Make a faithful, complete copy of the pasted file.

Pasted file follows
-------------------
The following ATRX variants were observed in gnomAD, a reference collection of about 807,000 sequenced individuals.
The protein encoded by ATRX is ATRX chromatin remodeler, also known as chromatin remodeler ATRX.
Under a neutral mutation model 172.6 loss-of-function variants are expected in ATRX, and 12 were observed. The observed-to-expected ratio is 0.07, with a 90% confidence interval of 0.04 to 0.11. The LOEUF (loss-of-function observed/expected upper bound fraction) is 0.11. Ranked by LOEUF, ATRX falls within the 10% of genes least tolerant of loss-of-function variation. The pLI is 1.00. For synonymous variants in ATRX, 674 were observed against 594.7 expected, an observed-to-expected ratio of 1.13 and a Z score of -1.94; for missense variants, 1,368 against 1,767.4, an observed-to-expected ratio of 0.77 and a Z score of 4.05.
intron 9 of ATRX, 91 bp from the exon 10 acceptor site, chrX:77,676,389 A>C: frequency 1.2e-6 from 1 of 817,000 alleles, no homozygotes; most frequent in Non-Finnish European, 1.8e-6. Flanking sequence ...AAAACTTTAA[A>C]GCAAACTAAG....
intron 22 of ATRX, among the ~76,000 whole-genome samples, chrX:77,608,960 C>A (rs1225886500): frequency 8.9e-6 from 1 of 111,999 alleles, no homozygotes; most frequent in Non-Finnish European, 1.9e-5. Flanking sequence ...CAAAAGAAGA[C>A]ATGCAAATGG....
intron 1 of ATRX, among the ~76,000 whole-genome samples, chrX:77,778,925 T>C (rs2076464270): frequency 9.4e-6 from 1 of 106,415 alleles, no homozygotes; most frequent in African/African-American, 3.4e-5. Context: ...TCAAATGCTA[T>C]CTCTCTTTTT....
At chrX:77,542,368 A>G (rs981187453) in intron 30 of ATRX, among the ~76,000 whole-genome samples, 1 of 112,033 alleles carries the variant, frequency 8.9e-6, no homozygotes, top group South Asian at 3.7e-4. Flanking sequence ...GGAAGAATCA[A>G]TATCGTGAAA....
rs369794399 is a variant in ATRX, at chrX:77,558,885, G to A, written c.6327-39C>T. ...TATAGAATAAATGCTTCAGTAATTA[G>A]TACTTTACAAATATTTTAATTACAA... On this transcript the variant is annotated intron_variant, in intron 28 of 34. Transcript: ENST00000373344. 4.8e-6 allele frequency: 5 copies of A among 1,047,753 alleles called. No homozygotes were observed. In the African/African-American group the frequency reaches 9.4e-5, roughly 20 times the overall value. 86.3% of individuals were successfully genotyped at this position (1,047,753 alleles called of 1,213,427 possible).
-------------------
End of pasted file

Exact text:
The following ATRX variants were observed in gnomAD, a reference collection of about 807,000 sequenced individuals.
The protein encoded by ATRX is ATRX chromatin remodeler, also known as chromatin remodeler ATRX.
Under a neutral mutation model 172.6 loss-of-function variants are expected in ATRX, and 12 were observed. The observed-to-expected ratio is 0.07, with a 90% confidence interval of 0.04 to 0.11. The LOEUF (loss-of-function observed/expected upper bound fraction) is 0.11. Ranked by LOEUF, ATRX falls within the 10% of genes least tolerant of loss-of-function variation. The pLI is 1.00. For synonymous variants in ATRX, 674 were observed against 594.7 expected, an observed-to-expected ratio of 1.13 and a Z score of -1.94; for missense variants, 1,368 against 1,767.4, an observed-to-expected ratio of 0.77 and a Z score of 4.05.
intron 9 of ATRX, 91 bp from the exon 10 acceptor site, chrX:77,676,389 A>C: frequency 1.2e-6 from 1 of 817,000 alleles, no homozygotes; most frequent in Non-Finnish European, 1.8e-6. Flanking sequence ...AAAACTTTAA[A>C]GCAAACTAAG....
intron 22 of ATRX, among the ~76,000 whole-genome samples, chrX:77,608,960 C>A (rs1225886500): frequency 8.9e-6 from 1 of 111,999 alleles, no homozygotes; most frequent in Non-Finnish European, 1.9e-5. Flanking sequence ...CAAAAGAAGA[C>A]ATGCAAATGG....
intron 1 of ATRX, among the ~76,000 whole-genome samples, chrX:77,778,925 T>C (rs2076464270): frequency 9.4e-6 from 1 of 106,415 alleles, no homozygotes; most frequent in African/African-American, 3.4e-5. Context: ...TCAAATGCTA[T>C]CTCTCTTTTT....
At chrX:77,542,368 A>G (rs981187453) in intron 30 of ATRX, among the ~76,000 whole-genome samples, 1 of 112,033 alleles carries the variant, frequency 8.9e-6, no homozygotes, top group South Asian at 3.7e-4. Flanking sequence ...GGAAGAATCA[A>G]TATCGTGAAA....
rs369794399 is a variant in ATRX, at chrX:77,558,885, G to A, written c.6327-39C>T. ...TATAGAATAAATGCTTCAGTAATTA[G>A]TACTTTACAAATATTTTAATTACAA... On this transcript the variant is annotated intron_variant, in intron 28 of 34. Transcript: ENST00000373344. 4.8e-6 allele frequency: 5 copies of A among 1,047,753 alleles called. No homozygotes were observed. In the African/African-American group the frequency reaches 9.4e-5, roughly 20 times the overall value. 86.3% of individuals were successfully genotyped at this position (1,047,753 alleles called of 1,213,427 possible).